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Hello, Macaw - With Tony Angell

Artist and naturalist, Tony Angell, describes his communication with Macaw, a raven that came into his life and home. "I would say, 'Hello, Macaw,' and his communication to me was often to lean over for preening. Eventually, the arrangement became so routine to Macaw that something had gone on in his memory to refine my remarks to where he used my greeting to him - 'Hello, Macaw' - as a greeting to me. He was imitating me, but he used that term in the right context."
There's more to the story of corvid intelligence in Tony's book – co-authored with John Marzluff - Gifts of the Crow.

Full Transcript

Transcript: 

BirdNote®

“Hello, Macaw” - Featuring Tony Angell

Interviewed by Chris Peterson

    This is BirdNote!
    [Calls and “conversations” of Common Ravens]
    Author and artist, Tony Angell, and University of Washington professor John Marzluff, have been thinking a lot about how “…perception, emotion, and thought allow smart birds to behave like humans.”1 Gifted with large brains relative to the size of their bodies, crows and ravens display an admirable intelligence.
    Here Tony describes his communication with Macaw, a raven that came into his life and home.
“When I would see him in the morning I would often say, “Hello, Macaw.” And his communication to me, or his “language” to me, was often to… lean over for preening… And I would scratch the back of his head, and he’d hop on my arm and out we’d go for a morning of flying around – not me but the raven! … Eventually…the arrangement became so routine to Macaw that something had gone on in his memory to refine my remarks to where he used my greeting to him (“Hello Macaw”) as a greeting back to me.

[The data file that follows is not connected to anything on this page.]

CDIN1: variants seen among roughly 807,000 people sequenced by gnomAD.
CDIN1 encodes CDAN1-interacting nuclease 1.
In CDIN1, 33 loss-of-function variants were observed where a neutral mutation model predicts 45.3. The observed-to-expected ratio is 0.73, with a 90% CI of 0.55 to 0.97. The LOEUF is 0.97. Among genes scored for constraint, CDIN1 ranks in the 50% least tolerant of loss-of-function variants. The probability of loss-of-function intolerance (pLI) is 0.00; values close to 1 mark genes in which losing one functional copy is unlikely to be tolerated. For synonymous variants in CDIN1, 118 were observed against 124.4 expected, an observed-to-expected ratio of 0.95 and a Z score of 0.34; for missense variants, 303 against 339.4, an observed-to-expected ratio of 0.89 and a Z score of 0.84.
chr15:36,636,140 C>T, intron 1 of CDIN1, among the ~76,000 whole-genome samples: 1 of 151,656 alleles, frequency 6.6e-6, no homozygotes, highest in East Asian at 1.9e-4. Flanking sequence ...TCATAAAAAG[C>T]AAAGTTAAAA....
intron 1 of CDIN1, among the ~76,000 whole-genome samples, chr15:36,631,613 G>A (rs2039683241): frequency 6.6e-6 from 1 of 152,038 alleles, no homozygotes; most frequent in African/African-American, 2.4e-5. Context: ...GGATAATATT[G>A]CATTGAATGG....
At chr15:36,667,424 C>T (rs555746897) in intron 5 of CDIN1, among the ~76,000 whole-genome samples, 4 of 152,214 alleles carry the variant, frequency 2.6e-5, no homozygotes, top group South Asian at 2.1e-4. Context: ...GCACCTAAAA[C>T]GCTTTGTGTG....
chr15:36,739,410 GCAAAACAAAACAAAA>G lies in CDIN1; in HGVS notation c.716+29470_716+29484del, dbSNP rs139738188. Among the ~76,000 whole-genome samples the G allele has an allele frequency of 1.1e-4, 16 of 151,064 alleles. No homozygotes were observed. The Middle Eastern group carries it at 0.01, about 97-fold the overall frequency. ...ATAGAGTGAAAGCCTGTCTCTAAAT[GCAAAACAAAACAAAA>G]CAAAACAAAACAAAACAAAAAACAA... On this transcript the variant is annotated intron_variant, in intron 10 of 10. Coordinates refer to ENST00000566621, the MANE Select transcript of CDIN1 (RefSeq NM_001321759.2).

You might say that he was imitating me, but also you had to say that he used that term in the right context. Every morning, as a greeting, I would say “Hello Macaw” and he had refined it so well that it sounded just like me, “Hello Macaw” back. And one or two back and forths… and out we’d go.

[And that was a very touching kind of moment of communication between myself and a non-human species.] And we remained close for about two years before he finally ventured out on his own and became a raven full time.”

    There’s much more to the story of corvid intelligence in Tony and John’s book, Gifts of the Crow. Begin at our website, birdnote.org.
                                                                               ###
Sounds and calls of Common Raven provided by The Macaulay Library of Natural Sounds at the Cornell Lab of Ornithology, Ithaca, New York.   Clucking calls 50002 recorded by L.J. Peyton; flight calls and wing beats 62394 by W.H. Gunn.
Angell interview conducted at Kessler studios 6-28-2012.
Producer: John Kessler
Executive Producer: Chris Peterson
© 2012 Tune In to Nature.org     September 2012   Narrator: Mary McCann

ID# angelltCORA-02-2012-09-11         angelltCORA-02        

1 Gifts of the Crow by John Marzluff, Ph.D. and Tony Angell, Free Press a division of Simon & Schuster, Inc. 2012.

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